Feeds

ARM brushes off dip in mobile revenues with sunny forecast for coming year

Chip designer sees market picking back up after Q4 drop

Security for virtualized datacentres

Chip design firm ARM has seen a dip in mobile sales that led to falling financial returns in the last financial quarter, a shift the company hopes will be temporary.

The British-based company on Wednesday reported first-quarter results which saw revenues up by 16 per cent in dollar terms (10 per cent in UK pounds after adjusting for exchange rates) over 2013. The same period last year ARM reported revenue growth of 26 per cent for the same period.

ARM blamed much of the slowing in growth on what it termed a "market correction" which included a dip in demand for high-end mobiles and increased interest in mid-range and low-cost models. ARM CEO Simon Segars said that the dip is in line with previous first-quarter slowdowns and the company still expects to meet its projected yearly numbers.

Executives noted additional factors in its falling revenue growth rates, including the late implementation of US tax credits and a corrected royalties report from a customer.

On the quarter, the company reported $305.2m in revenue, up from $263.9m a year ago. Operating expenses rose to $97.1m from $89.4m. Earnings per share were 5.60p, compared to 5.31 last year.

ARM reported a 38 per cent increase in processor licensing revenues and a 30 per cent jump in physical IP licensing. The company is hoping that the licensing revenue will also translate to higher royalty returns. Processor royalty revenues were up 4 per cent on the quarter and total revenues increased by 3 per cent.

One of the reasons for the company's continued optimism is the expansion of ARM devices into the enterprise networking and server spaces. Segars noted that with the release of the 64-bit v8 processor and new initiatives such as the SBSA server architecture, the company is hoping to broaden and diversify its customer base in the coming year.

"ARM v8 is now the compute platform of choice for future chip designs," Segars said, "not just in mobile computing, but increasingly in consumer electronics, the datacenter and network infrastructure." ®

Security for virtualized datacentres

More from The Register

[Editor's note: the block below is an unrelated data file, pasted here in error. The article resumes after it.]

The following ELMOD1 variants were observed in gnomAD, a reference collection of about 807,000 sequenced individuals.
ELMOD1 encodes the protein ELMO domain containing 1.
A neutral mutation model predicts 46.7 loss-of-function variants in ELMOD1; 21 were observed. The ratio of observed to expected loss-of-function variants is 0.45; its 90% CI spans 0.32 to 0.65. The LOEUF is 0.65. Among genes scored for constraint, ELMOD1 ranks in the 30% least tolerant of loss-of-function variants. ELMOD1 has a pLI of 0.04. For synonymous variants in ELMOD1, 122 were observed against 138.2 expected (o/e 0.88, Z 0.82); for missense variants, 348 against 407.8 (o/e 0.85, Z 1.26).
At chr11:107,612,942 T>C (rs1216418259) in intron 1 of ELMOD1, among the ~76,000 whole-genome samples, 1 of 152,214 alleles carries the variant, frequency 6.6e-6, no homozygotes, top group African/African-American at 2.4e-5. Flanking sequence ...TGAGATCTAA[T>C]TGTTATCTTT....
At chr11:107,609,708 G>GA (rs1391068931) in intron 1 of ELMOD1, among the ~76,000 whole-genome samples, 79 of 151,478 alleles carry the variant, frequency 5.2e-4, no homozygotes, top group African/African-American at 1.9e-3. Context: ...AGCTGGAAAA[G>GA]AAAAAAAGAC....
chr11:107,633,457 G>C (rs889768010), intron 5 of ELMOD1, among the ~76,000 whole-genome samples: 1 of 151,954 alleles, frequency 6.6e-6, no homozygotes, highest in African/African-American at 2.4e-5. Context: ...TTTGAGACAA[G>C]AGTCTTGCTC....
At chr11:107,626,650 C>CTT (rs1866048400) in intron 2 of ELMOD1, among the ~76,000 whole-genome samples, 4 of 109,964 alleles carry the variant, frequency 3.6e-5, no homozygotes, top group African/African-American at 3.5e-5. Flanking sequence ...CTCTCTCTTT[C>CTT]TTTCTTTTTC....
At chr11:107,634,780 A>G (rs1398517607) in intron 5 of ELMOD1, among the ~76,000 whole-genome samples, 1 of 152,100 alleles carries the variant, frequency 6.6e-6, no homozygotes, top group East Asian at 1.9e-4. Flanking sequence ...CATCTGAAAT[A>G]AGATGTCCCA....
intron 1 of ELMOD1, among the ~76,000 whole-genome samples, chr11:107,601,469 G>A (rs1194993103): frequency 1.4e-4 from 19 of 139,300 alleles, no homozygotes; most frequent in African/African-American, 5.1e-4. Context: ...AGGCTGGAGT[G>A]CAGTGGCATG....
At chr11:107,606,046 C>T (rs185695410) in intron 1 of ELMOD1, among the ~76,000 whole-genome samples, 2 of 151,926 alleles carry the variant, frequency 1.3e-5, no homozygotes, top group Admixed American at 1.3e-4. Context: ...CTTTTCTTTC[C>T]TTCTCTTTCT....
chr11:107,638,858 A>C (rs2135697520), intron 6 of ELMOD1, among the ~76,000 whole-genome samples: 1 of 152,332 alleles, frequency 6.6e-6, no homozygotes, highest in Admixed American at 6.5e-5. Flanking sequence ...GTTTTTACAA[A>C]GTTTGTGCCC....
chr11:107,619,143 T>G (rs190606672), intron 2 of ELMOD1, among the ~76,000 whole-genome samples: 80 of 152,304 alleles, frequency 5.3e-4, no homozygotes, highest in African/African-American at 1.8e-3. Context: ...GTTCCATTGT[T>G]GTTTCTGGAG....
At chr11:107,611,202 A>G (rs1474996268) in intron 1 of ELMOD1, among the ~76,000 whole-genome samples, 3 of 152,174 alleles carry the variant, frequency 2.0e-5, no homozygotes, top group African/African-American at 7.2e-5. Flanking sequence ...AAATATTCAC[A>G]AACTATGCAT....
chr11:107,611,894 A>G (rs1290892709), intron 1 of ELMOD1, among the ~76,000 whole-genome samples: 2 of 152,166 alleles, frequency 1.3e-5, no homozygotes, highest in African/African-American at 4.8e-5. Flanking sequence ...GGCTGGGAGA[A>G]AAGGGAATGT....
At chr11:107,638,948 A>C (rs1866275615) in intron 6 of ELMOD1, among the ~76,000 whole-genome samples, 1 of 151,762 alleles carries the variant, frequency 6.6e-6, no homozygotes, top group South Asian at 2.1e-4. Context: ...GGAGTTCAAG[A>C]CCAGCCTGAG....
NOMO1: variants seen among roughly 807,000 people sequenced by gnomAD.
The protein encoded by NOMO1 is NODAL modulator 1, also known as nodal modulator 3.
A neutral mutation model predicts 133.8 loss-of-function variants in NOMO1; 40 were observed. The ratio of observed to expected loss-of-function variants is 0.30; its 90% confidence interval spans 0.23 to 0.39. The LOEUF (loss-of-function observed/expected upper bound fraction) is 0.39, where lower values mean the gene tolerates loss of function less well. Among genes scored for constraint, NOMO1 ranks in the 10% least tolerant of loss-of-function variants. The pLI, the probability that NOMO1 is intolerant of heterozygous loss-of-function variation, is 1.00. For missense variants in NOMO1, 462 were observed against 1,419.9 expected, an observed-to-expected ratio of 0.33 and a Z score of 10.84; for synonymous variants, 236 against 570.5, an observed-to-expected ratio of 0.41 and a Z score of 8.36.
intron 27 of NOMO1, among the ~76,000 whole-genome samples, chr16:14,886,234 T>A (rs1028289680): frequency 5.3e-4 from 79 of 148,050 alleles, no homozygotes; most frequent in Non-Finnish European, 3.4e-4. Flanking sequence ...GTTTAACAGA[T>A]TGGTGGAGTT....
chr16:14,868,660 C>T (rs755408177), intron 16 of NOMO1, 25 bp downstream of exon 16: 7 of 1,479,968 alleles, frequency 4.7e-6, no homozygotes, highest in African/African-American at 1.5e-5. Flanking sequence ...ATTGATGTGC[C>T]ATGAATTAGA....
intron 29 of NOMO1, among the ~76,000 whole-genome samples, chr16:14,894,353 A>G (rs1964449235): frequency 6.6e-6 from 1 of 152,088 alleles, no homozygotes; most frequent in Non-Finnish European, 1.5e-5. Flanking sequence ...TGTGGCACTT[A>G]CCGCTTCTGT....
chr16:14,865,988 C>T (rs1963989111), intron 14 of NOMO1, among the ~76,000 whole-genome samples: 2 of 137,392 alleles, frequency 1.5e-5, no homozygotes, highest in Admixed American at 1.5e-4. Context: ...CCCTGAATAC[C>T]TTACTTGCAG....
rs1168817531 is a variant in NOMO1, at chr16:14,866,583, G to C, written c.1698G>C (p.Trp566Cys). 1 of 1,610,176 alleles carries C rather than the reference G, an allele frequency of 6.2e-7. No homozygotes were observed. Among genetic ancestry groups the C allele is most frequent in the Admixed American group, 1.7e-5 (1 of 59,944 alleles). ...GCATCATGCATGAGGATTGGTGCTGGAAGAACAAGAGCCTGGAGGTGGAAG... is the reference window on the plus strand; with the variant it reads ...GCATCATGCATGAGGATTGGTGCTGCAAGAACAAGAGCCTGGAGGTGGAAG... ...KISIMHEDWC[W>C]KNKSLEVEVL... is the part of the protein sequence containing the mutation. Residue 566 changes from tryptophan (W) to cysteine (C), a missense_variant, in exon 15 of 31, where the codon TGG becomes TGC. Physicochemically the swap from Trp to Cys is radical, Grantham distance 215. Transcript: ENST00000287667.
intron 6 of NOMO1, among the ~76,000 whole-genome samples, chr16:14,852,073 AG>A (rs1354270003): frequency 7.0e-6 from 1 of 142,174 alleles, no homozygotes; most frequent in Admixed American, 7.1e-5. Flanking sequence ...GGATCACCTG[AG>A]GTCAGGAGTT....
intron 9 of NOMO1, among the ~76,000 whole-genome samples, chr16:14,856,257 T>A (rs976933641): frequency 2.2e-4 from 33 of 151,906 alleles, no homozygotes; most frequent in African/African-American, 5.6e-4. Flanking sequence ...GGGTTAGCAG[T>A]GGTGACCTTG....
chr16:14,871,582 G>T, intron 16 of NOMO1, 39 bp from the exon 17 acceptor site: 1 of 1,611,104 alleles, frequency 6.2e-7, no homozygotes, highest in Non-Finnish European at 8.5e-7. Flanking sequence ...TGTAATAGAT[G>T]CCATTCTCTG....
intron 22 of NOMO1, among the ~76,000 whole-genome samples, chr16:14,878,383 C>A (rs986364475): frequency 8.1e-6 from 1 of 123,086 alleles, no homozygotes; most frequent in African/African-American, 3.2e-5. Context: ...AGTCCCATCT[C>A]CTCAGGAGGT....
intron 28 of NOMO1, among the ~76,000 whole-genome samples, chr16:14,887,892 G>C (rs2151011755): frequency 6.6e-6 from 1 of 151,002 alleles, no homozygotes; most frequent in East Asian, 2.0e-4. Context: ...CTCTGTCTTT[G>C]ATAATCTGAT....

next story
Phones 4u slips into administration after EE cuts ties with Brit mobe retailer
More than 5,500 jobs could be axed if rescue mission fails
Apple CEO Tim Cook: TV is TERRIBLE and stuck in the 1970s
The iKing thinks telly is far too fiddly and ugly – basically, iTunes
Huawei ditches new Windows Phone mobe plans, blames poor sales
Giganto mobe firm slams door shut on Microsoft. OH DEAR
Israeli spies rebel over mass-snooping on innocent Palestinians
'Disciplinary treatment will be sharp and clear' vow spy-chiefs
Phones 4u website DIES as wounded mobe retailer struggles to stay above water
Founder blames 'ruthless network partners' for implosion
Found inside ISIS terror chap's laptop: CELINE DION tunes
REPORT: Stash of terrorist material found in Syria Dell box
Show us your Five-Eyes SECRETS says Privacy International
Refusal to disclose GCHQ canteen menus and prices triggers Euro Human Rights Court action
prev story

Whitepapers

Secure remote control for conventional and virtual desktops
Balancing user privacy and privileged access, in accordance with compliance frameworks and legislation. Evaluating any potential remote control choice.
Saudi Petroleum chooses Tegile storage solution
A storage solution that addresses company growth and performance for business-critical applications of caseware archive and search along with other key operational systems.
High Performance for All
While HPC is not new, it has traditionally been seen as a specialist area – is it now geared up to meet more mainstream requirements?
Security for virtualized datacentres
Legacy security solutions are inefficient due to the architectural differences between physical and virtual environments.
Providing a secure and efficient Helpdesk
A single remote control platform for user support is be key to providing an efficient helpdesk. Retain full control over the way in which screen and keystroke data is transmitted.